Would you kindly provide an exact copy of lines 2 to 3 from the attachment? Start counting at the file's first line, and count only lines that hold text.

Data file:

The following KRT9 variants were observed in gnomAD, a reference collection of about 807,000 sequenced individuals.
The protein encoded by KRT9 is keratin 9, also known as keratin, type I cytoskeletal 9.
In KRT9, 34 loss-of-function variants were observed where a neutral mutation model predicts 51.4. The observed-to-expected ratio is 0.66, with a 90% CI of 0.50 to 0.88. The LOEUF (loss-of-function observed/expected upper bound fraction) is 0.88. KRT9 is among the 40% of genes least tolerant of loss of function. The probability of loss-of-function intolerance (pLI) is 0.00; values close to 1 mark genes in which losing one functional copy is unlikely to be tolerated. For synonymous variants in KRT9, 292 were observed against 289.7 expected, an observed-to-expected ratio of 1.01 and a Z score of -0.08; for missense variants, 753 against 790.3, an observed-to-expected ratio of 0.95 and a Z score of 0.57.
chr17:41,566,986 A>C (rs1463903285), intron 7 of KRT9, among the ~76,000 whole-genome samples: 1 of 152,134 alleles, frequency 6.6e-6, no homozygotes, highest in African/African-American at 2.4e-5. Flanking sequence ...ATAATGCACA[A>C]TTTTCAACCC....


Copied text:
The protein encoded by KRT9 is keratin 9, also known as keratin, type I cytoskeletal 9.
In KRT9, 34 loss-of-function variants were observed where a neutral mutation model predicts 51.4. The observed-to-expected ratio is 0.66, with a 90% CI of 0.50 to 0.88. The LOEUF (loss-of-function observed/expected upper bound fraction) is 0.88. KRT9 is among the 40% of genes least tolerant of loss of function. The probability of loss-of-function intolerance (pLI) is 0.00; values close to 1 mark genes in which losing one functional copy is unlikely to be tolerated. For synonymous variants in KRT9, 292 were observed against 289.7 expected, an observed-to-expected ratio of 1.01 and a Z score of -0.08; for missense variants, 753 against 790.3, an observed-to-expected ratio of 0.95 and a Z score of 0.57.